I’m going to fast forward—skipping past the Combahee River collective, Patricia Hill Collin’s Black Feminist Thought, and Kimberle Crenshaw speaking about intersectionality, to get to a term that is fairly new but grounded in all the theory that went before it: Misogynoir. ( I’ll return to what I skipped next Sunday)
The term is cropping up more frequently these days because we have a black woman running for president, and quite a few newly elected black woman members of Congress.
Here’s an example:
Imani goes on to say, “I didn’t invent the term misogynoir. Moya Bailey did. Folks should definitely read up on it so you’ll recognize it when you see it, ” and links to this article by Eliza Anyangwe who wrote “Misogynoir: where racism and sexism meet”:
The term was coined in 2010 by gay black feminist American academic Moya Bailey, who defined it “to describe the particular brand of hatred directed at black women in American visual and popular culture”.
Since then black women – and some men – predominantly on social media, have taken ownership of the term, using it to describe prejudice experienced in a range of contexts.
“Misogynoir provides a racialised nuance that mainstream feminism wasn’t catching,” says black feminist commentator, Feminista Jones. “We are talking about misogyny, yes, but there is a specific misogyny that is aimed at black women and is uniquely detrimental to black women.”
One of the Black women that should be on your radar is Moya Bailey. Known for creating the term Misogynoir, Bailey defines it as the intersection of racism, anti-Blackness, and misogyny that Black women experience. The term is specific to Black womanhood, as Misogynoir cannot be experienced by women of any other race, but can be perpetuated by people of any gender or race. Similarly, racialized misogyny towards Black trans women is called ‘transmisogynoir.’
Bailey first used the term in an essay titled, ‘They Aren’t Talking About Me’ for the Crunk Feminist Collective. She defines it as a “word I made up to describe the particular brand of hatred directed at Black women in American visual and popular culture.” Examples of Misogynoir include the rejection of Black women’s natural hair and ‘twerking’. In coining and writing about Misogynoir, Bailey speaks of an oppressive experience only she and other Black women share. “I was looking for precise language to describe why Renisha McBride would be shot in the face, or why The Onion would think it’s okay to talk about Quvenzhané the way they did, or the hypervisibilty of Black women on reality TV, the arrest of Shanesha Taylor, the incarceration of CeCe, Laverne and Lupita being left off the TIME list, the continued legal actions against Marissa Alexander, the twitter dragging of black women with hateful hashtags and supposedly funny Instagram images as well as how Black women are talked about in music,” Bailey wrote in a blog post titled ‘More on the Origins of Misogynoir.’ “All these things bring to mind Misogynoir and not general misogyny directed at women of color more broadly.”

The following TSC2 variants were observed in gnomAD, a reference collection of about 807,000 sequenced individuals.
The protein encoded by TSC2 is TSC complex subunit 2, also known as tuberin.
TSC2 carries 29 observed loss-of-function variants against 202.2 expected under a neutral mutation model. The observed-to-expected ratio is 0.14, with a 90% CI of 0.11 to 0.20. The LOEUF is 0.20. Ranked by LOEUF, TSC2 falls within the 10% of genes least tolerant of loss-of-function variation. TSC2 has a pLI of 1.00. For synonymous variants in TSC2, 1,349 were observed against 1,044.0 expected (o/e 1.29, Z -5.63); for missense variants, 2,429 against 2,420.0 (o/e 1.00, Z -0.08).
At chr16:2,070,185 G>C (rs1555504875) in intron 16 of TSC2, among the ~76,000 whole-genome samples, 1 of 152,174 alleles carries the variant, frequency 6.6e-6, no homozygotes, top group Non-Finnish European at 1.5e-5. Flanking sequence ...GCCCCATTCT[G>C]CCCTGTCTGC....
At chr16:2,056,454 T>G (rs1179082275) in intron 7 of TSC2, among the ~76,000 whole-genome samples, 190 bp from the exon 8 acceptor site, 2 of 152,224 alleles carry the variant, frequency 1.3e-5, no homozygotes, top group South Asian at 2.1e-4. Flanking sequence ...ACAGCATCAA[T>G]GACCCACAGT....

Black feminist writers online have widely accepted ‘Misogynoir’ into their repertoire, including Trudy of Gradient Lair (in a piece about Misogynoir and Black men), Aisha Mirza of BlackFeminists.org, and Brittney Cooper of Crunk Feminist Collective (both about Misogynoir in general). Critics of the word claim that it is not etymologically correct, as ‘misogyny’ is a Greek word and ‘noir’ is French. Bailey responded on her Tumblr blog by writing, “I don’t care. I’m far more concerned that I felt like I needed a word to describe the particular f***ery Black women face in popular culture.” She goes on to say that noir also has a media connotation necessary to the meaning of the word.
“Misogynoir” is not expandable and consumable under the term “women of colour.” “Black women” and “women of colour” overlap as identifiers only because Black women can be considered women of colour (in addition to other non-Black women of colour) and because Loretta Ross, a Black woman no less, and her work, is why the phrase “women of colour” exists. “Black woman” and “woman of colour” are not synonyms to be used interchangeably. “Women of colour” is a political identity of theoretical solidarity of non-White women because of the impact of White supremacy, racism and White privilege on non-White women. However, it is not also a racial classification in the way that “Black woman” is. Black women’s experiences do not then become non-Black women of colour’s experiences to co-opt and commodify as “women of colour” just like they don’t then become White women’s experiences to co-opt and commodify as “women.” The very notion that this co-opt is acceptable is a violent notion and anti-Blackness. Co-opt through context-stripped generalization is erasure and is not intersectionality. Erasure is violence. Misogynoir is not about non-Black women of colour or White women; period. Misogyny impacts women. Racialized misogyny impacts women of colour. Misogynoir impacts Black women because of misogyny and dehumanization through anti-Blackness.